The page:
Configuration Best Practices

This document covers the configuration best practices of forms, tasks, targets, and contact profiles when building your own community health app.

Forms

We use forms to build the Tasks, Care Guides, and Reports that take health workers through care protocols and provide decision support for their interactions with patients.

In this context, a form is any document with questions and blank spaces or selectable options for answers. Forms can be found in many parts of your app including the Tasks, People, and Reports tabs

While both Tasks and Reports are built with forms, there are key differences. Tasks are blank forms that need to be completed, while Reports are forms that have already been submitted. When a Task is completed and submitted, it automatically becomes a Report.

Note: The icons and titles that we choose for Tasks remain the same when they become Reports.


Anatomy of a Task

The Task tab shows a list of upcoming visits, follow-ups, or other tasks that need to be completed. When a task is finished, it will automatically clear from the Tasks list and move to Reports.


Anatomy of a Task


Each Task has an icon on the left side which indicates what type of Task it is.
The first bold line of text is the name of the person or family that the Task is about.
The second line of text is the name of the Task.
The days left for the Task to be done is located in the upper right hand corner.
If a Task is overdue, the due date will be red. Tasks are listed in order of due date.


Anatomy of a Report


Anatomy of a Report


The first line of bold text is the name of the person whom the Report is about.
The second line of text is the title of the Report.
The third line of text is the hierarchy of place to which that person belongs.
In the upper right corner, a timestamp displays when the Report was submitted.

Reports are sorted by submission date, with the most recently submitted Reports at the top. If a Report is unread, the timestamp will be bold blue and there will be a horizontal blue line above it.


Titles

The patient’s name should not be included in the form title.

❌ Don't do this: "Beatrice Bass Delivery Follow-Up"
✅ Do this instead: "Delivery Follow-Up"

Avoid generic words like “Visit” or “Report”. Every form can be a Report and often involves a visit, so including these words in the title doesn’t help differentiate it from other forms.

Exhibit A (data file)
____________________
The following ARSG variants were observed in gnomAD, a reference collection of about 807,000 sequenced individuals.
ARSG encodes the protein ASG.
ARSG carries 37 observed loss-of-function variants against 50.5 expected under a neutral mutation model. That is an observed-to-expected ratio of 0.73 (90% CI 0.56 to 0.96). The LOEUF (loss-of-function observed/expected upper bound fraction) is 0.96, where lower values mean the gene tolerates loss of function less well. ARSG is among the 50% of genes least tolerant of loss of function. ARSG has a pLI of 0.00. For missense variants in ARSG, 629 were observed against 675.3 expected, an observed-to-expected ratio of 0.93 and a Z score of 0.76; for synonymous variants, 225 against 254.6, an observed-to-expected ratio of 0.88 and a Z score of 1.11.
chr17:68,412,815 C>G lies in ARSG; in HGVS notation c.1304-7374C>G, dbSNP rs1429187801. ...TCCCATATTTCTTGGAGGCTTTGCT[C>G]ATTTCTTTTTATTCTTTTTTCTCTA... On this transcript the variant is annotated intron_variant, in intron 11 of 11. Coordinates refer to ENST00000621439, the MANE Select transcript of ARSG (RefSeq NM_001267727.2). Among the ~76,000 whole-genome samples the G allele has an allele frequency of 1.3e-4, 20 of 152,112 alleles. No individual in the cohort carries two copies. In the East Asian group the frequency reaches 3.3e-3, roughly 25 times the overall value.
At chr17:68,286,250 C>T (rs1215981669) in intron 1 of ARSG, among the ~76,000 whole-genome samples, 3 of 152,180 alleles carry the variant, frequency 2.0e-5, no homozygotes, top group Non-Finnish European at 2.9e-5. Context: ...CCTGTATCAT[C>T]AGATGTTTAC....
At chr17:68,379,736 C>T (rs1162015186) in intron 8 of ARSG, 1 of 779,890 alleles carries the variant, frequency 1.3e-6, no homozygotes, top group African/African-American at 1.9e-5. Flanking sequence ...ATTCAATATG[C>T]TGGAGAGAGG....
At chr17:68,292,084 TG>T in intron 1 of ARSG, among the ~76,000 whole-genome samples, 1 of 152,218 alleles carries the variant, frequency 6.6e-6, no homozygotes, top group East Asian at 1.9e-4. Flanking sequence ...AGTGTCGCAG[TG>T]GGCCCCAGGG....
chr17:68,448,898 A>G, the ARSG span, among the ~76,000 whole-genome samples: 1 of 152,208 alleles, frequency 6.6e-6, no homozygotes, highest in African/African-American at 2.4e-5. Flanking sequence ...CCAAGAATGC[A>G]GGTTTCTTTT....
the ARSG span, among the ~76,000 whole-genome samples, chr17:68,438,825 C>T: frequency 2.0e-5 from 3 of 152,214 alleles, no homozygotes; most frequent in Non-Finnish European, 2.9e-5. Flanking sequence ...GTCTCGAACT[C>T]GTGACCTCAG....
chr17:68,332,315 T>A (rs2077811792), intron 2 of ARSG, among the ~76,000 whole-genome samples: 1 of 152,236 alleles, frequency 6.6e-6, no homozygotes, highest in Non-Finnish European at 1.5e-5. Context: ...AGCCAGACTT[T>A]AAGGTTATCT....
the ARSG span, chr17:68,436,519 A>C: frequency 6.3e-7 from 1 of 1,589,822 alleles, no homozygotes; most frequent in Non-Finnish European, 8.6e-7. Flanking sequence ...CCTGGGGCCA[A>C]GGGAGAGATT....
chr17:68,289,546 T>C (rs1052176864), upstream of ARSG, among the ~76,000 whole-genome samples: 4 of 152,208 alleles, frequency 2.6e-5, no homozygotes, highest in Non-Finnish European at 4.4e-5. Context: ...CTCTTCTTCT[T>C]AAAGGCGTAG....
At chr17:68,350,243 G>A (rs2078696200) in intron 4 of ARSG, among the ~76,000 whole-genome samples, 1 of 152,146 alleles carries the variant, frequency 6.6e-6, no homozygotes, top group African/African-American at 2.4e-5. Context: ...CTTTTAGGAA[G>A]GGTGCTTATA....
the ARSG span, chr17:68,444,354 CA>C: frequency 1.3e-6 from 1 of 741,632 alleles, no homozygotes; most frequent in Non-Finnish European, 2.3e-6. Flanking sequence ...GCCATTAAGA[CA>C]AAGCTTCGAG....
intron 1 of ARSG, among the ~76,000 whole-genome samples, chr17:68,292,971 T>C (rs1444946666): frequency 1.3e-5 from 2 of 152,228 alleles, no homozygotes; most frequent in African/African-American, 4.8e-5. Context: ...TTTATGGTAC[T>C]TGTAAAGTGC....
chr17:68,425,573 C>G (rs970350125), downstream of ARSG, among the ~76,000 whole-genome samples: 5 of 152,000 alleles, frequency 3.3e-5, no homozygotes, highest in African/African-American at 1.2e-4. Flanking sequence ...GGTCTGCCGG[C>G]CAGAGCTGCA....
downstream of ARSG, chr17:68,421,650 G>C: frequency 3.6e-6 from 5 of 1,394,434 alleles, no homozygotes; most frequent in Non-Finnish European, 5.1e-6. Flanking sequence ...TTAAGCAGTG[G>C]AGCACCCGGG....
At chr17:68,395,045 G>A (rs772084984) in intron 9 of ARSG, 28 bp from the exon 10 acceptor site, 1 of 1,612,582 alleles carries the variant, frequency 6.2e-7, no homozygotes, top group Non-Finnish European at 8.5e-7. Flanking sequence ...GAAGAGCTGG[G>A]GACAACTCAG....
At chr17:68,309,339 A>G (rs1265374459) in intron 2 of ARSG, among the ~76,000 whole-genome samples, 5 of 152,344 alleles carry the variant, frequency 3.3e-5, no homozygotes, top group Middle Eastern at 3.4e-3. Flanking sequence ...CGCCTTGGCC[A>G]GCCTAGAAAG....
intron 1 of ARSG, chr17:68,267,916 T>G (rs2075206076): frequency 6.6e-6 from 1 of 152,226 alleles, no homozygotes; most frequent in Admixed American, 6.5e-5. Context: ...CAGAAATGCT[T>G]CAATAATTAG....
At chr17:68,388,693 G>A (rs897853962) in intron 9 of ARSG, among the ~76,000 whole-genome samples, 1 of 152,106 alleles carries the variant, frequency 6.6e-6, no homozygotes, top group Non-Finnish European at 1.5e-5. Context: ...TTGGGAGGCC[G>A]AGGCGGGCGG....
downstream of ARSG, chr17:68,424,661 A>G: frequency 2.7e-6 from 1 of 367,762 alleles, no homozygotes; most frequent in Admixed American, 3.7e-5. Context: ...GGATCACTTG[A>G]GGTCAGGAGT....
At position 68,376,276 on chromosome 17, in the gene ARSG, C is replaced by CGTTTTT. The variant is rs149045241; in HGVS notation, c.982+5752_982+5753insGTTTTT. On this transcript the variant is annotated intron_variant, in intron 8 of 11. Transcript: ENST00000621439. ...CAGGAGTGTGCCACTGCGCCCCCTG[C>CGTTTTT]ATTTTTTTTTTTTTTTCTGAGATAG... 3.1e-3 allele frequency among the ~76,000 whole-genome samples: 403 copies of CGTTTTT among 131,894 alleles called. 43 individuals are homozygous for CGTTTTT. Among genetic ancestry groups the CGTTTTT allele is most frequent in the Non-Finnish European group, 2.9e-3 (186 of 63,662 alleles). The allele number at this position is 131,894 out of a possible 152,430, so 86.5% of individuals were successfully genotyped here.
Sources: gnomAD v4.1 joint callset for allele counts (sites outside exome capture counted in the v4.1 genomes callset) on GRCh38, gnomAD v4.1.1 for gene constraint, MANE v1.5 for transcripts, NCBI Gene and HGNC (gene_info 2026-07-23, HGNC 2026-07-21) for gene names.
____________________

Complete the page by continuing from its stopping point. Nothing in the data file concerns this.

❌ Don't do this: "Delivery Follow-up Visit" 
✅ Do this instead: "Delivery Follow-Up" 

Each word in a title should be capitalized (Title Case).

❌ Don't do this: "Delivery follow-up" <
✅ Do this instead: "Delivery Follow-Up" 

Keep form titles short and concise. Long titles will sometimes be truncated (cut off with an ellipsis) and the text at the end of the title might be lost. As a rough estimate, strive to keep titles no longer than 40 characters in length.

❌ Don't do this: "This Title Has Way More Than Forty Characters And Is Too Long" 
✅ Do this instead: "Title Is Less Than Forty Characters" 

To help estimate how much text can be displayed before truncation, you can use the low-fi mockups here. If you type your form name into the mockup you can get a rough idea of how much text will fit before truncation occurs. Please note that the mockups have been made with our smallest screen sizes in mind. Some users’ screens will be larger and will be able to display more text.

The screenshots here represent some of the smallest phones our users have. As you can see, on both the Tasks and Reports pages, titles less than about forty characters will fit in the space. Titles longer than about forty characters might be cut off with an ellipsis (…).


Anatomy of a Report


Icons

The Community Health Toolkit includes a collection of 60+ free icons that represent key elements of different community health workflows and protocols. Please review the recommended usages that follow.

IconPeople and Places Hierarchies
HospitalHospital or District
CHW AreaCHW Area
FacilityBranch or Health Facility
FamilyFamily
PersonPerson
IconFamily Planning
Family Planning- Family Planning Screening
- Family Planning Referral or Follow-Up
IconANC
ANC- ANC Registration
- ANC Visit or Missed Visit
- ANCE Follow-Up
ANC Danger- ANC Danger Sign
- ANC Danger Sign Follow-Up
IconPNC
PNC- PNC Registration
- PNC Visit or Missed Visit
- PNC Follow-Up
PNC Danger- PNC Danger Sign
- PNC Danger Sign Follow-Up
IconICCM and Child Health
ICCM- ICCM Assessment
- ICCM Treatment
- ICCM Referral or Follow-Up
ICCM Danger- ICCM Danger Sign
- ICCM Danger Sign Follow-Up
IconImmunization
Immunization- Immunization Visit
- Immunization Follow-Up
IconVisits
Visits- General Follow-Up
- Proactive Visit
- Educational Visit
IconCommunity
Community- Community Event
- Community Meeting
IconVarious
DeliveryDelivery
MalnutritionMalnutrition
GrowthGrowth Monitoring
CognitionCognition
GeneralGeneral Forms
AssessmentsGeneral Assessments
EquityEquity Survey
NetBed Net Distribution

Content and Layout

Group Related Information